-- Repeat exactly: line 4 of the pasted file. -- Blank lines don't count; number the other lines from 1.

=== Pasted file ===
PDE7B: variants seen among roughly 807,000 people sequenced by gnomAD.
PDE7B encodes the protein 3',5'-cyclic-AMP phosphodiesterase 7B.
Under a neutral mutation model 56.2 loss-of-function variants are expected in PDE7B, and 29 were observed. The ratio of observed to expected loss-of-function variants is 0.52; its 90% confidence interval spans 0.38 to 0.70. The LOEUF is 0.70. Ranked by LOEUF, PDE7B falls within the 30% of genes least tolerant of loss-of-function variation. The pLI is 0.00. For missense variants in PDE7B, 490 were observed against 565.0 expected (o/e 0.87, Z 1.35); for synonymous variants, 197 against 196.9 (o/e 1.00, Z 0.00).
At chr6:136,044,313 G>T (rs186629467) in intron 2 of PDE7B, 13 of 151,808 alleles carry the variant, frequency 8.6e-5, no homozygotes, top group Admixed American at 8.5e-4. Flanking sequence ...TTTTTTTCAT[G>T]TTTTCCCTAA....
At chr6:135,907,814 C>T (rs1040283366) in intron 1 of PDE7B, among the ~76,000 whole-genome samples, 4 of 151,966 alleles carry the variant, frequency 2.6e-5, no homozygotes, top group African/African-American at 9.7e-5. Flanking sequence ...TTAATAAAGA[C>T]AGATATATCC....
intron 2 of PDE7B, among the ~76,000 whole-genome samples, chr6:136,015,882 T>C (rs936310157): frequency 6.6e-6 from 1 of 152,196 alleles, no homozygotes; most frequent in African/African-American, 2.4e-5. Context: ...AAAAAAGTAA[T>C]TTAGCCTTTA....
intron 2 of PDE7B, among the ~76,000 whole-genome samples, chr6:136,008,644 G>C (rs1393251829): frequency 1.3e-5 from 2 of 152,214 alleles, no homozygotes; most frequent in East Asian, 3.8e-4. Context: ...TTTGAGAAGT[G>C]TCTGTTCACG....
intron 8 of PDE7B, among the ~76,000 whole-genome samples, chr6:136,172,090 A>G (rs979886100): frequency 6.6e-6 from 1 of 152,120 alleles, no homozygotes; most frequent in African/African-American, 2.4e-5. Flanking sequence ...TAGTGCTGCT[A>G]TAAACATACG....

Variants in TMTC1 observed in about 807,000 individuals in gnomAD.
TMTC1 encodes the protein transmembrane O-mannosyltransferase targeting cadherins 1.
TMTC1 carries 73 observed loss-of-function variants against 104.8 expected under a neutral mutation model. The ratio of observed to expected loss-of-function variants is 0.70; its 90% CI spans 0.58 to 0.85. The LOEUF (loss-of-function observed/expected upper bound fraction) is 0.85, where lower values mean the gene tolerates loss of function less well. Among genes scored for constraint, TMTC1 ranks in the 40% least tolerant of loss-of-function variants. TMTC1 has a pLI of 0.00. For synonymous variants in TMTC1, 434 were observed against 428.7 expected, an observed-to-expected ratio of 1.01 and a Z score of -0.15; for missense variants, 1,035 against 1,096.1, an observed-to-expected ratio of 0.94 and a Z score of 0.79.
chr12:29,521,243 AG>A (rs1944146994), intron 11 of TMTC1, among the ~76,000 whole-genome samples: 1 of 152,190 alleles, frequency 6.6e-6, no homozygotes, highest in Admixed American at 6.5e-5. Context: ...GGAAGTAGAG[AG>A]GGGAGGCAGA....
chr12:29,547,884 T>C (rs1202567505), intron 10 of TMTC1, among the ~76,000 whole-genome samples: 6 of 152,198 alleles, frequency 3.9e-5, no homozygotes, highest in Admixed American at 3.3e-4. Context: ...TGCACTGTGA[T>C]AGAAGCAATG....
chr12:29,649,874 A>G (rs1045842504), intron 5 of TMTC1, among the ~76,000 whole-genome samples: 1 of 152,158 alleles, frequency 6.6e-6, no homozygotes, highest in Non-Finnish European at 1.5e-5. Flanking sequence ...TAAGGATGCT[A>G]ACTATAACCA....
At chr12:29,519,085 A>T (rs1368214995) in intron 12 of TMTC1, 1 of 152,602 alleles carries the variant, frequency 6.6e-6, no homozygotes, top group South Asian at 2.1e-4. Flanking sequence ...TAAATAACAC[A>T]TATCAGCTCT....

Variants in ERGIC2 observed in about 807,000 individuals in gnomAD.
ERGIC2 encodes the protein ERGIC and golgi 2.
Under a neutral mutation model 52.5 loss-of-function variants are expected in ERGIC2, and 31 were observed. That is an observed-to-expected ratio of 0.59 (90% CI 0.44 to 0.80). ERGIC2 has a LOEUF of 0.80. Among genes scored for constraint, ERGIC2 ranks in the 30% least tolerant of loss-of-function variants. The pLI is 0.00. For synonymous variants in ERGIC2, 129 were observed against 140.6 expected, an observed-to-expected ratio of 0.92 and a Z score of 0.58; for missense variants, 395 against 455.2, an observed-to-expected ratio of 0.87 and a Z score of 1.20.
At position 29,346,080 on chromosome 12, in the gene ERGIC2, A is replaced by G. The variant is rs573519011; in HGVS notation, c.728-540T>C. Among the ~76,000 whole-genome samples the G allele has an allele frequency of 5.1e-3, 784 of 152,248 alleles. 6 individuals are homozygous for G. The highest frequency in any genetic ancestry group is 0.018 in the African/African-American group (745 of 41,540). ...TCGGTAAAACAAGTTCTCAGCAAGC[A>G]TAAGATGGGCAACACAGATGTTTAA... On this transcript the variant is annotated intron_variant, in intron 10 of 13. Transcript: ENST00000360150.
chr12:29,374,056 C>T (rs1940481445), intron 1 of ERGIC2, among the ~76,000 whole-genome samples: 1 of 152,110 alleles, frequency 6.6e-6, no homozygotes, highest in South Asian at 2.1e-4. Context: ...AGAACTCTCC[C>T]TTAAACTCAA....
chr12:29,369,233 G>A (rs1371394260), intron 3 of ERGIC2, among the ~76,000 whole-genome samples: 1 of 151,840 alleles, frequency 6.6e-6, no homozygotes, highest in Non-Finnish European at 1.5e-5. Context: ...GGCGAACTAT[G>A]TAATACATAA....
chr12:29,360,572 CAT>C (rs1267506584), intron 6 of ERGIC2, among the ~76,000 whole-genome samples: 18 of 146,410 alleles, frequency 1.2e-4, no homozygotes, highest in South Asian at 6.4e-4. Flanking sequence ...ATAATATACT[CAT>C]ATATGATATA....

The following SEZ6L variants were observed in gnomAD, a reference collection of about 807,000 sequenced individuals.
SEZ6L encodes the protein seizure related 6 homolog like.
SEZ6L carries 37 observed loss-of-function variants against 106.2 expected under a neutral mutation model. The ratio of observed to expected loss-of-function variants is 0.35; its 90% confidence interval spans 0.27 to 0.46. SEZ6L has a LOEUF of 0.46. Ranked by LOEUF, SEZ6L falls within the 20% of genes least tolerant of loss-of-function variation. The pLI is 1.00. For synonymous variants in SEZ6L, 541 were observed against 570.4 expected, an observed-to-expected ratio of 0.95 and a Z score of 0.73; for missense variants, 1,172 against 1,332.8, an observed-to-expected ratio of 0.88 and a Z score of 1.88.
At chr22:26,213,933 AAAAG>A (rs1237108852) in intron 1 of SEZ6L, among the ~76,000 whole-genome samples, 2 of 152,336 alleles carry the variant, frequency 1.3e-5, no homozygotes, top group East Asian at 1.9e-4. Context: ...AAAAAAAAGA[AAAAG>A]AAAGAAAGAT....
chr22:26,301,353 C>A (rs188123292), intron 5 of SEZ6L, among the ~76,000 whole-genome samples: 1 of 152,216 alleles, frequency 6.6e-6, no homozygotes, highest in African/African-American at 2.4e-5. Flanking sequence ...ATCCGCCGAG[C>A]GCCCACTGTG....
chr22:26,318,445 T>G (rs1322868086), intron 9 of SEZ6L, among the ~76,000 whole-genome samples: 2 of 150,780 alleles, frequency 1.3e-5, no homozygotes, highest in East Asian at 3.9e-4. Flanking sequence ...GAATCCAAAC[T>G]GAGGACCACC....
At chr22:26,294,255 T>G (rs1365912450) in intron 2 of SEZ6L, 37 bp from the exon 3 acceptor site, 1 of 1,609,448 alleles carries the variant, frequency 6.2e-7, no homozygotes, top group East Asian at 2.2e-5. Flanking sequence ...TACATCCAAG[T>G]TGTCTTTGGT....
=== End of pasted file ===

At chr6:136,044,313 G>T (rs186629467) in intron 2 of PDE7B, 13 of 151,808 alleles carry the variant, frequency 8.6e-5, no homozygotes, top group Admixed American at 8.5e-4. Flanking sequence ...TTTTTTTCAT[G>T]TTTTCCCTAA....